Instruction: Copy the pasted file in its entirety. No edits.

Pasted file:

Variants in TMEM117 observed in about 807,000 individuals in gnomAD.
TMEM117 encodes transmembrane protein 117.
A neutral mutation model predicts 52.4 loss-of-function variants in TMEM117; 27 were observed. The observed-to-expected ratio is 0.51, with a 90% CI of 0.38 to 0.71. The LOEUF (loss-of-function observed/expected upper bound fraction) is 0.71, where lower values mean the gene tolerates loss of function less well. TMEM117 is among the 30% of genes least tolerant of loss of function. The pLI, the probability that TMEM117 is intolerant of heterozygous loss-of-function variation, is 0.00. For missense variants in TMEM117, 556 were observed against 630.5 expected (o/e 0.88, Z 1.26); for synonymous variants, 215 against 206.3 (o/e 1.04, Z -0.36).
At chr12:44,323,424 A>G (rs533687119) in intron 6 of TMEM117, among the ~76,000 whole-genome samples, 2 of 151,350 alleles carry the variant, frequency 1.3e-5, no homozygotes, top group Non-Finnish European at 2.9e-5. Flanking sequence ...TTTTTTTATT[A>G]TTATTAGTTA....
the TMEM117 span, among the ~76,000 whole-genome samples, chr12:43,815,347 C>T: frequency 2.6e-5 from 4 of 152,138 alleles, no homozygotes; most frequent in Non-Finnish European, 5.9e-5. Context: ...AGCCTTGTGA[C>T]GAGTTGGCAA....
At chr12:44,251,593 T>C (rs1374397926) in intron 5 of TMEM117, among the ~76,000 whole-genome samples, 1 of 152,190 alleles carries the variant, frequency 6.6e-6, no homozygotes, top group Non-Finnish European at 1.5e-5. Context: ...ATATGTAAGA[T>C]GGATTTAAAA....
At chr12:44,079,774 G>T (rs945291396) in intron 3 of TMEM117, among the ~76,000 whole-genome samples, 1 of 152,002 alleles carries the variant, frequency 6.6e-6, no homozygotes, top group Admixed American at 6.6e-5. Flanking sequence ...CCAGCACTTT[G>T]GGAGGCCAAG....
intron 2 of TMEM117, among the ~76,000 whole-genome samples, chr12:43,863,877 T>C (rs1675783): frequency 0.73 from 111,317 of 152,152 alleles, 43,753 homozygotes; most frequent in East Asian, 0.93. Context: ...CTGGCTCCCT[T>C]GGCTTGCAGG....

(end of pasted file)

Variants in TMEM117 observed in about 807,000 individuals in gnomAD.
TMEM117 encodes transmembrane protein 117.
A neutral mutation model predicts 52.4 loss-of-function variants in TMEM117; 27 were observed. The observed-to-expected ratio is 0.51, with a 90% CI of 0.38 to 0.71. The LOEUF (loss-of-function observed/expected upper bound fraction) is 0.71, where lower values mean the gene tolerates loss of function less well. TMEM117 is among the 30% of genes least tolerant of loss of function. The pLI, the probability that TMEM117 is intolerant of heterozygous loss-of-function variation, is 0.00. For missense variants in TMEM117, 556 were observed against 630.5 expected (o/e 0.88, Z 1.26); for synonymous variants, 215 against 206.3 (o/e 1.04, Z -0.36).
At chr12:44,323,424 A>G (rs533687119) in intron 6 of TMEM117, among the ~76,000 whole-genome samples, 2 of 151,350 alleles carry the variant, frequency 1.3e-5, no homozygotes, top group Non-Finnish European at 2.9e-5. Flanking sequence ...TTTTTTTATT[A>G]TTATTAGTTA....
the TMEM117 span, among the ~76,000 whole-genome samples, chr12:43,815,347 C>T: frequency 2.6e-5 from 4 of 152,138 alleles, no homozygotes; most frequent in Non-Finnish European, 5.9e-5. Context: ...AGCCTTGTGA[C>T]GAGTTGGCAA....
At chr12:44,251,593 T>C (rs1374397926) in intron 5 of TMEM117, among the ~76,000 whole-genome samples, 1 of 152,190 alleles carries the variant, frequency 6.6e-6, no homozygotes, top group Non-Finnish European at 1.5e-5. Context: ...ATATGTAAGA[T>C]GGATTTAAAA....
At chr12:44,079,774 G>T (rs945291396) in intron 3 of TMEM117, among the ~76,000 whole-genome samples, 1 of 152,002 alleles carries the variant, frequency 6.6e-6, no homozygotes, top group Admixed American at 6.6e-5. Flanking sequence ...CCAGCACTTT[G>T]GGAGGCCAAG....
intron 2 of TMEM117, among the ~76,000 whole-genome samples, chr12:43,863,877 T>C (rs1675783): frequency 0.73 from 111,317 of 152,152 alleles, 43,753 homozygotes; most frequent in East Asian, 0.93. Context: ...CTGGCTCCCT[T>C]GGCTTGCAGG....